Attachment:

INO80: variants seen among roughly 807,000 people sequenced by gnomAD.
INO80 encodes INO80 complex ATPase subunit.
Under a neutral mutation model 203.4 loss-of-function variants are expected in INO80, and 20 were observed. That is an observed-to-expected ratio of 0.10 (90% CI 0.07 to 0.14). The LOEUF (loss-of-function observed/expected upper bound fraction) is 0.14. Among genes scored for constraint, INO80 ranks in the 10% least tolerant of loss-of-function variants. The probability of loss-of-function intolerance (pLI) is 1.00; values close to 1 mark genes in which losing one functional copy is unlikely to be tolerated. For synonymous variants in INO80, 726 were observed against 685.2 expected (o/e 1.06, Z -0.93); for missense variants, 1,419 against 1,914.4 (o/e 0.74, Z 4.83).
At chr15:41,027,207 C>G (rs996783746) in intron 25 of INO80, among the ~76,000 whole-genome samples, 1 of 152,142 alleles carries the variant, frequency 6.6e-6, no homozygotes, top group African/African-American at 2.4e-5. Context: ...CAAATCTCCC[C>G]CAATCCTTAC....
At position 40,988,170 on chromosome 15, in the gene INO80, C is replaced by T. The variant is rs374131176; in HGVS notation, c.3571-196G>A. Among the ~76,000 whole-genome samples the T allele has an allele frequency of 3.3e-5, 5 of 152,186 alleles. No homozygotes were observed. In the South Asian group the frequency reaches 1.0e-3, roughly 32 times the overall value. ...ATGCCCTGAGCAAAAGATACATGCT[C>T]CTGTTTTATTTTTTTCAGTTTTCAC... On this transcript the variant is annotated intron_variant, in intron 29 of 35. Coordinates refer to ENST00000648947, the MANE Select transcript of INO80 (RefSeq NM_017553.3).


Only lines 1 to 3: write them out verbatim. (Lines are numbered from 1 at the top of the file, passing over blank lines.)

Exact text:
INO80: variants seen among roughly 807,000 people sequenced by gnomAD.
INO80 encodes INO80 complex ATPase subunit.
Under a neutral mutation model 203.4 loss-of-function variants are expected in INO80, and 20 were observed. That is an observed-to-expected ratio of 0.10 (90% CI 0.07 to 0.14). The LOEUF (loss-of-function observed/expected upper bound fraction) is 0.14. Among genes scored for constraint, INO80 ranks in the 10% least tolerant of loss-of-function variants. The probability of loss-of-function intolerance (pLI) is 1.00; values close to 1 mark genes in which losing one functional copy is unlikely to be tolerated. For synonymous variants in INO80, 726 were observed against 685.2 expected (o/e 1.06, Z -0.93); for missense variants, 1,419 against 1,914.4 (o/e 0.74, Z 4.83).